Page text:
Baker [Bak94] introduced the second approach to address the second limitation, but it also addresses the first limitation to a certain extent. This approach is based on decomposition into overlapping subgraphs of bounded outerplanarity. Specifically, Baker's approach starts with a planar embedding of the planar graph. Then it divides vertices into layers by iteratively removing vertices on the outer face of the graph: layer j consists of the vertices removed at the jth iteration. If we now remove the layers congruent to i modulo k, for any choice of i, the graph separates into connected components each with at most k consecutive layers, and hence the graph becomes k-outerplanar. Many NP-complete problems can be solved on k-outerplanar graphs for fixed k using dynamic programming (in particular, such graphs have bounded treewidth). Baker's approximation algorithm computes these optimal solutions for each choice i of the congruence class of layers to remove, and returns the best solution among these k solutions. The key argument for maximization problems considers the optimal solution to the full graph, and argues that the removal of one of the k congruence classes of layers must remove at most a 1/k fraction of the optimal solution, so the returned solution must be within a 1+1/k factor of optimal. A more delicate argument handles minimization problems as well. For many problems, such as maximum independent set, minimum dominating set, and minimum vertex cover, Baker's approach obtains a (1+ε)-approximation algorithms with running time of 2O(1/ε) nO(1) on planar graphs.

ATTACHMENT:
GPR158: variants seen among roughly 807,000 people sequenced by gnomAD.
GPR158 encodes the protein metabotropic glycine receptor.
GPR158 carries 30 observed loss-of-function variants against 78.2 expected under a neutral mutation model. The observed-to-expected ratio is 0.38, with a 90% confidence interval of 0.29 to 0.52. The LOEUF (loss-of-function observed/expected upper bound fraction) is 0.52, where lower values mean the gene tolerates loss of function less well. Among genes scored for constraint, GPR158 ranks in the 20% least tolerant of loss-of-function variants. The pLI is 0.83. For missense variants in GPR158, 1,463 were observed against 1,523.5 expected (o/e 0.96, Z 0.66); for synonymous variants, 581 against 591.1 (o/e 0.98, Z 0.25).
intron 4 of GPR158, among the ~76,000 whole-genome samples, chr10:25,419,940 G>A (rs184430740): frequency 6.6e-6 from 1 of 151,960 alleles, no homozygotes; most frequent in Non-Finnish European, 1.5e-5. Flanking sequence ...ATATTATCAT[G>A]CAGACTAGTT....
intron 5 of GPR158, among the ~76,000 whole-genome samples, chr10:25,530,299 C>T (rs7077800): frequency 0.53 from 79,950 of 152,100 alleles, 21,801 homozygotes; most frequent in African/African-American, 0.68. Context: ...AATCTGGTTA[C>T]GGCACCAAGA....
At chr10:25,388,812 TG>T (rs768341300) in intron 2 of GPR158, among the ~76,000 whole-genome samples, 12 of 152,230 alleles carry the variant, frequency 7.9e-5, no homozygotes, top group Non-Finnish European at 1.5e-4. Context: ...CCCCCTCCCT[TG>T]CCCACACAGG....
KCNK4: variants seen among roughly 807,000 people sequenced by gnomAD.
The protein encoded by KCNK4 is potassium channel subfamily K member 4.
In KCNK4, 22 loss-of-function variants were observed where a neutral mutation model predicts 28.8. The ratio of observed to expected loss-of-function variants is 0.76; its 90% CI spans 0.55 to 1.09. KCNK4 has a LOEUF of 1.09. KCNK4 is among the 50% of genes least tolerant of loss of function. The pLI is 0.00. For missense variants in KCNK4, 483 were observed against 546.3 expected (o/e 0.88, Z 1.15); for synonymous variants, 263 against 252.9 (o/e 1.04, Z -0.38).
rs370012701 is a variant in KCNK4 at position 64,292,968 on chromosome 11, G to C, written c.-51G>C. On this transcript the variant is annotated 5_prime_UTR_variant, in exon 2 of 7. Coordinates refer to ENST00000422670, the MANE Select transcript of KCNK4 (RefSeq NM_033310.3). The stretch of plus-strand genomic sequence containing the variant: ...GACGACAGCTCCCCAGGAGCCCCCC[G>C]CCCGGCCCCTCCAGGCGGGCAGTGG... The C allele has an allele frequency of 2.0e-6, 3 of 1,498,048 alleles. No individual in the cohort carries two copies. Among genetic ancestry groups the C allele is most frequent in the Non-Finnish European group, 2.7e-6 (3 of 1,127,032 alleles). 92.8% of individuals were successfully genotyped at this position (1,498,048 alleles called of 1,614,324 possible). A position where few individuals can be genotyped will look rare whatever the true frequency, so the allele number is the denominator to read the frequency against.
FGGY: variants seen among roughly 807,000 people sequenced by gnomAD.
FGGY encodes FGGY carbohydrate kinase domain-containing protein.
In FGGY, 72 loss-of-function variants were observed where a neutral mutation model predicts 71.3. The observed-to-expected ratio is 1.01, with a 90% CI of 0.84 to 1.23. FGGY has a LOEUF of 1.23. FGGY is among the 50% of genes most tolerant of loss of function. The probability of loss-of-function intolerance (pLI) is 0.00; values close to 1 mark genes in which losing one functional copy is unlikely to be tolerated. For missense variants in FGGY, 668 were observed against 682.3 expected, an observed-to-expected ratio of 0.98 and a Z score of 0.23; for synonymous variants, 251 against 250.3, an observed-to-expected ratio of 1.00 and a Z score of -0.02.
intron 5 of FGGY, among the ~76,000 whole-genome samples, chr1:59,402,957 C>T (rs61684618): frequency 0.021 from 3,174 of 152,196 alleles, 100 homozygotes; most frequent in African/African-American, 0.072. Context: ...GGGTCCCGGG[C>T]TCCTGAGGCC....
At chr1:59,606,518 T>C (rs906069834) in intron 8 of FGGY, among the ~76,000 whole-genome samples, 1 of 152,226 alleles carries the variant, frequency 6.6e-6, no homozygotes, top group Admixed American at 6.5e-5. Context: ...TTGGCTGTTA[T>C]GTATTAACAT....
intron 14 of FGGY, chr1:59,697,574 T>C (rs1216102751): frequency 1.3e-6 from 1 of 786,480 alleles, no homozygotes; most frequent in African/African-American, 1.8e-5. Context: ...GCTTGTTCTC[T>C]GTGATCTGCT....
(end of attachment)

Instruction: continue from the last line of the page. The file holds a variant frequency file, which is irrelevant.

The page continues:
Eppstein [Epp00] generalized Baker's approach to a broader class of graphs called graphs of bounded local treewidth, i.e., where the treewidth of the subgraph induced by the set of vertices at distance at most r from any vertex is bounded above by some function f(r) independent of n. The main differences in Eppstein's approach are replacing the concept of bounded outerplanarity with the concept of bounded treewidth, where dynamic programming can still solve many problems, and labeling layers according to a simple breadth-first search. This approach has led to PTASs for hereditary maximization problems such as maximum independent set and maximum clique, maximum triangle matching, maximum H-matching, maximum tile salvage, minimum vertex cover, minimum dominating set, minimum edge-dominating set, minimum color sum, and subgraph isomorphism for a fixed pattern [Epp00,DHN+04,HN,DHK05]. Frick and Grohe [FG01] also developed a general framework for deciding any property expressible in first-order logic in graphs of bounded local treewidth.